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pink quill

Gardening Reference » Gardening in 2006
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by joclyn on March 11, 2006 02:22 PM
aka tillandsia cyanea.

i just bought one at the flower show to replace the one i had last year that died from neglect (working too much [Razz] ).

when i got the first one, i was told by the guy at the nursery that it needed bright indirect light - so i put it in my bedroom which is north-facing and gets late afternoon light. i placed it so that it was not directly in the sunlight, until i got too busy, it did okay...even bloomed.

there's a tag on this one and it says 'medium to high light'.

not sure what to do. also, what about watering and fertilizer. i really like this particular bromeliad and want to make sure that this one lives!!

by Jiffymouse on March 11, 2006 09:41 PM
joclyn, while i have never had one, if it is the same type plant you've had before, i can almost promise you that it will be fine if you chose to put it where the other one was. that's how i learn where plants like to be! hope this helps.
by TomR on March 12, 2006 09:43 AM
Bright, indirect sun. Early morning or late afternoon sun is O.K. Let dry between waterings. Feed half strength fertilizer every other watering when in growth cycle.


* * * *
My memory's not as sharp as it used to be. Also, my memory's not as sharp as it used to be.
by joclyn on March 13, 2006 05:02 AM
thx, jiffy and tom!

i did some googling and i found that this is an airplant. it can be planted in very porous soil tho.

i'm thinking that the first one i had wasn't in porous enough soil so i'm going to add a ton of bark pieces and sphangum (sp?) to this one when i replant it.

tom, what type of fertilizer would be best? general 10-20-10 or something weaker or stronger?
by Aaron D on March 13, 2006 10:04 AM
T. Cyanea is a tillandsia that requires very little sun and does just fine... but will tolerate bright light... there will be no difference wheather you choose one or the other... i would just place it in the same location you had your previous one... its a great plant, BUT i find the potting material that the wholesale nurserys pot the pink quill does not drain quickly enough (remians soggy too long) the best material sould only be DAMP... i always repot in a fine orchid mix... you should ONLY use "plant foods" NOT FERTILIZER NOTHING WITH UREA or other urea products... T. Cyanea directly absorbs water and nutrients through its anchoring roots and leaves... i always apply every time i water... with a drop or two per gallon... any orchid food will do GREAT [Smile] let me know if you have any questions i LOVE tillandsias...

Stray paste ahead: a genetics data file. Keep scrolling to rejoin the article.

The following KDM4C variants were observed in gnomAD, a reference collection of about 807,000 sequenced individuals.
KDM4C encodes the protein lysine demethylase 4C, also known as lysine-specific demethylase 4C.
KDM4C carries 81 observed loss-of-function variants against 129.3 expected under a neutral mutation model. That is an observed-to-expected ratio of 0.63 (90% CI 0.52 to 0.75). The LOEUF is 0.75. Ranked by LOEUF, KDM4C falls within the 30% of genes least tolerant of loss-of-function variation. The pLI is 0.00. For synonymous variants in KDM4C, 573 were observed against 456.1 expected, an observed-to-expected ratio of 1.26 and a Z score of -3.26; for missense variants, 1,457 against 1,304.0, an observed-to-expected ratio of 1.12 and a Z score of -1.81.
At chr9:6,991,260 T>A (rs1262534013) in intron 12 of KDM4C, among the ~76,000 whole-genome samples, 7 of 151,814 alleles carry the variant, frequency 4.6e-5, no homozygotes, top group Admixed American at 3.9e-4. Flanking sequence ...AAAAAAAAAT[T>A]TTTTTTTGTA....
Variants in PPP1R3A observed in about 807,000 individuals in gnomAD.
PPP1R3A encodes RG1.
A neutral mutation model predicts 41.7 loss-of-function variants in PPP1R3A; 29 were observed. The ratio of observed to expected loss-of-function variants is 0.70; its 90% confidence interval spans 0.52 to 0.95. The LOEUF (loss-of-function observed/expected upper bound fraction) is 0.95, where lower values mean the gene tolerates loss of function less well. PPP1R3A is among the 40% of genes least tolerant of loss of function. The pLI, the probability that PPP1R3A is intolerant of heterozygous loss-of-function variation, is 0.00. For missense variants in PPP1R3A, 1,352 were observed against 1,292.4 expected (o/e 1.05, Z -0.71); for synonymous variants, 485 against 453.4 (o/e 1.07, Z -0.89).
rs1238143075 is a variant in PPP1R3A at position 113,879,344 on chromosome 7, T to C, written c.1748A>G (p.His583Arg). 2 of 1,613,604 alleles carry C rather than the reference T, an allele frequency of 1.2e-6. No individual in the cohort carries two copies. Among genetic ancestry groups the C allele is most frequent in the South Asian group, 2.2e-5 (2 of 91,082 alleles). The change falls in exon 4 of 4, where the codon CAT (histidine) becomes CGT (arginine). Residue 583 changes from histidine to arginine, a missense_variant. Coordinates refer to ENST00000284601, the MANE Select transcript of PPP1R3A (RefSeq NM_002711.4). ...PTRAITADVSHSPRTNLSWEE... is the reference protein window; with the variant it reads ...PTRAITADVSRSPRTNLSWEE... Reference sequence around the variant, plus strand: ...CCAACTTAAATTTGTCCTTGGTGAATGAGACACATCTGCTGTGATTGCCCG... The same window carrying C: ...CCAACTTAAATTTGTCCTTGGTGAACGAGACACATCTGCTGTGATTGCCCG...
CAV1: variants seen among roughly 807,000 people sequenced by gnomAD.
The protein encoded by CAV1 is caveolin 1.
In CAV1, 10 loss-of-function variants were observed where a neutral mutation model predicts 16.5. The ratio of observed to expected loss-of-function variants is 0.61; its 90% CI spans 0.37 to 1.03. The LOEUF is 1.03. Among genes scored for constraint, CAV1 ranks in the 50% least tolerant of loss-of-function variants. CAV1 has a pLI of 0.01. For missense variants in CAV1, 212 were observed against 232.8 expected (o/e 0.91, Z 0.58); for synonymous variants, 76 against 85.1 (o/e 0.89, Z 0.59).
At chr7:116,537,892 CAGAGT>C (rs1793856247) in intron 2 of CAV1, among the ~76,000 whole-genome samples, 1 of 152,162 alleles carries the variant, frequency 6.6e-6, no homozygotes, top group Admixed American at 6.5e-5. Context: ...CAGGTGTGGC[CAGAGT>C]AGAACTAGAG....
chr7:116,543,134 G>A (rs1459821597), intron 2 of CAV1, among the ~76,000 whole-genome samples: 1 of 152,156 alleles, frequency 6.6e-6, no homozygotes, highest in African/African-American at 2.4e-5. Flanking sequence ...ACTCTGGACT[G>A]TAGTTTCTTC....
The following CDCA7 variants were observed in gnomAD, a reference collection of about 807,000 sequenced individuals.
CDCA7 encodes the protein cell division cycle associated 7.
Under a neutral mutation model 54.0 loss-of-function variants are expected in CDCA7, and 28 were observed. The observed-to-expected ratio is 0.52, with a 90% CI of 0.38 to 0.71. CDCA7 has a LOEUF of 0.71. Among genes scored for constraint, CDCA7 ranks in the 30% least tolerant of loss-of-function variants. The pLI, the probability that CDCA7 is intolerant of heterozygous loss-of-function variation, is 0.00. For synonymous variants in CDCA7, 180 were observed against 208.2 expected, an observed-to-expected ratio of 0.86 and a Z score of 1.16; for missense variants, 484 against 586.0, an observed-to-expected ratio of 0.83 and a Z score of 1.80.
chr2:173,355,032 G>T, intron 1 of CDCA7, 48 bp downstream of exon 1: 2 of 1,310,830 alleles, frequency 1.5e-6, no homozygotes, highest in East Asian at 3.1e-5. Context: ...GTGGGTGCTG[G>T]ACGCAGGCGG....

by Aaron D on March 13, 2006 10:10 AM
if you like Cyaneas you may also be interested in Cyanea "variegata" with striped leaves... Cyanea "3-D" with a three or four sided flower spike... or its bigger cousin T. Lindenii
by joclyn on March 13, 2006 01:57 PM
thx, so much, aaron!! so, i'm correct in thinking that the bark bits and sphanghum moss are the direction to go in for potting medium?

yes, plant foods...fertilizer is just a general term! i use peter's for general plant care and i've got av and orchid specific as well.

i'll check out the other varieties...these guys are just SO COOL!! i really love to have different types of plants...
by Aaron D on March 14, 2006 11:07 AM
they are awesome plants, did you smell your cyanea flowers??? they are very fragrant... i am surprised how many people dont smell these flowers beacue they dont expect them to be fragrant... and its some what faint... the smell is more of a sweet "spice" smell... like cinnamon! [Smile] [Smile] [Smile]
by joclyn on March 14, 2006 11:20 AM
oh, cool! can't wait until this one blooms!! (and, no, i didn't think to give the flower a sniff when i had the other...really never thought that a succulent flower would actually have a scent!).
by Aaron D on March 14, 2006 12:01 PM
well cyaneas arent considered to be succulents... although they have the same water storing tissues as cacti (mesophyll) and engage in the same photosythesis as succulents do... (CAM photosynthesis). they are completely reliant on their environment... which automaticly declassifies this plant as a succulent... but there are many scented succulents called carion plants (stapelia, huernia, orbea) which smell like rotten meat to be pollinated by flies and beetles... sorry if i stampede you with jargon i'm a botany student... [Smile]

by joclyn on March 14, 2006 06:30 PM
dunno why i said they were a succulent. i know they're not. (i guess i was thinking about the other plant i just got)

no prob on the jargon...i actually understood some of it! [Smile]

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